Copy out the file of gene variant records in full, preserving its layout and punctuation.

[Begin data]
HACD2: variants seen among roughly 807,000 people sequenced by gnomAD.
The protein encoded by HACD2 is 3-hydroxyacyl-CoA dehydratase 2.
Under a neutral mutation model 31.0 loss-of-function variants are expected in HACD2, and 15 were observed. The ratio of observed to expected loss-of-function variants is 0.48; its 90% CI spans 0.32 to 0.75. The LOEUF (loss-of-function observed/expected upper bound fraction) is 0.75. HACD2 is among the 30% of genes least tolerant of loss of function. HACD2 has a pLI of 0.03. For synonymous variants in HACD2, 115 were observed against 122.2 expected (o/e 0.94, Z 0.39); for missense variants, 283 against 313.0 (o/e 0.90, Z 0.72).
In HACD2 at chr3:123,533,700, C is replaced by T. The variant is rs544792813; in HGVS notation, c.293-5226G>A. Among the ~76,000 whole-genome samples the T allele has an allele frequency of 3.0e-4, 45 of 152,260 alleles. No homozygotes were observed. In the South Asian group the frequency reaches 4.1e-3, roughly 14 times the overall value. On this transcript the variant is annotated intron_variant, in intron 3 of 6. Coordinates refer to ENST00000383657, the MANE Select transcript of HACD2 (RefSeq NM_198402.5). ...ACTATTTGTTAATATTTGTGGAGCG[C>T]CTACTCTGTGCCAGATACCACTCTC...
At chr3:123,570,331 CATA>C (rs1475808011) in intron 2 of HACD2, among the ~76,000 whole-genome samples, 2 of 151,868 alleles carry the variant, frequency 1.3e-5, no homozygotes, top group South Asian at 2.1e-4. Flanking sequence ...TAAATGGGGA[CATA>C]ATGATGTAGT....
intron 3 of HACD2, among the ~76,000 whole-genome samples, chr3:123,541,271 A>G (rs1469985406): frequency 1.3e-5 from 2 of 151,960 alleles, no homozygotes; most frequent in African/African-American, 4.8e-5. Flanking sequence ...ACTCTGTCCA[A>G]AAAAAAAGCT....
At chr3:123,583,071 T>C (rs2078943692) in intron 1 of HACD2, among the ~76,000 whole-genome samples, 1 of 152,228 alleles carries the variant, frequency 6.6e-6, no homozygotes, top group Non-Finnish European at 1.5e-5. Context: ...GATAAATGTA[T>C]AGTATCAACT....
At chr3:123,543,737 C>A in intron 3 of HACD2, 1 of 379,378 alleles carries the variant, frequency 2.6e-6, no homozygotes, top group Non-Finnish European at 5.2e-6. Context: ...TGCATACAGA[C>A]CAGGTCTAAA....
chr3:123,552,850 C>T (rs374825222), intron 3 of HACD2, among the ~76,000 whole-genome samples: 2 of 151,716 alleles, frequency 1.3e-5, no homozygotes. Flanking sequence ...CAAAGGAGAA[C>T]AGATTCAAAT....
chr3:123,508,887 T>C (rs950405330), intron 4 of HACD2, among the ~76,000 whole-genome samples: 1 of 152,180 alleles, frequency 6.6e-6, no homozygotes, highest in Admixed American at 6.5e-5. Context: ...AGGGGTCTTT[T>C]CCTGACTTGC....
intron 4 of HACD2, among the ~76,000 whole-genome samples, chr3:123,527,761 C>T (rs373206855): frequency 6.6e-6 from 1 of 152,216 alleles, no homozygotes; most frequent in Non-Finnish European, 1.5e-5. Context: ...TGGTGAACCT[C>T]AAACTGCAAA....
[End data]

HACD2: variants seen among roughly 807,000 people sequenced by gnomAD.
The protein encoded by HACD2 is 3-hydroxyacyl-CoA dehydratase 2.
Under a neutral mutation model 31.0 loss-of-function variants are expected in HACD2, and 15 were observed. The ratio of observed to expected loss-of-function variants is 0.48; its 90% CI spans 0.32 to 0.75. The LOEUF (loss-of-function observed/expected upper bound fraction) is 0.75. HACD2 is among the 30% of genes least tolerant of loss of function. HACD2 has a pLI of 0.03. For synonymous variants in HACD2, 115 were observed against 122.2 expected (o/e 0.94, Z 0.39); for missense variants, 283 against 313.0 (o/e 0.90, Z 0.72).
In HACD2 at chr3:123,533,700, C is replaced by T. The variant is rs544792813; in HGVS notation, c.293-5226G>A. Among the ~76,000 whole-genome samples the T allele has an allele frequency of 3.0e-4, 45 of 152,260 alleles. No homozygotes were observed. In the South Asian group the frequency reaches 4.1e-3, roughly 14 times the overall value. On this transcript the variant is annotated intron_variant, in intron 3 of 6. Coordinates refer to ENST00000383657, the MANE Select transcript of HACD2 (RefSeq NM_198402.5). ...ACTATTTGTTAATATTTGTGGAGCG[C>T]CTACTCTGTGCCAGATACCACTCTC...
At chr3:123,570,331 CATA>C (rs1475808011) in intron 2 of HACD2, among the ~76,000 whole-genome samples, 2 of 151,868 alleles carry the variant, frequency 1.3e-5, no homozygotes, top group South Asian at 2.1e-4. Flanking sequence ...TAAATGGGGA[CATA>C]ATGATGTAGT....
intron 3 of HACD2, among the ~76,000 whole-genome samples, chr3:123,541,271 A>G (rs1469985406): frequency 1.3e-5 from 2 of 151,960 alleles, no homozygotes; most frequent in African/African-American, 4.8e-5. Flanking sequence ...ACTCTGTCCA[A>G]AAAAAAAGCT....
At chr3:123,583,071 T>C (rs2078943692) in intron 1 of HACD2, among the ~76,000 whole-genome samples, 1 of 152,228 alleles carries the variant, frequency 6.6e-6, no homozygotes, top group Non-Finnish European at 1.5e-5. Context: ...GATAAATGTA[T>C]AGTATCAACT....
At chr3:123,543,737 C>A in intron 3 of HACD2, 1 of 379,378 alleles carries the variant, frequency 2.6e-6, no homozygotes, top group Non-Finnish European at 5.2e-6. Context: ...TGCATACAGA[C>A]CAGGTCTAAA....
chr3:123,552,850 C>T (rs374825222), intron 3 of HACD2, among the ~76,000 whole-genome samples: 2 of 151,716 alleles, frequency 1.3e-5, no homozygotes. Flanking sequence ...CAAAGGAGAA[C>T]AGATTCAAAT....
chr3:123,508,887 T>C (rs950405330), intron 4 of HACD2, among the ~76,000 whole-genome samples: 1 of 152,180 alleles, frequency 6.6e-6, no homozygotes, highest in Admixed American at 6.5e-5. Context: ...AGGGGTCTTT[T>C]CCTGACTTGC....
intron 4 of HACD2, among the ~76,000 whole-genome samples, chr3:123,527,761 C>T (rs373206855): frequency 6.6e-6 from 1 of 152,216 alleles, no homozygotes; most frequent in Non-Finnish European, 1.5e-5. Context: ...TGGTGAACCT[C>T]AAACTGCAAA....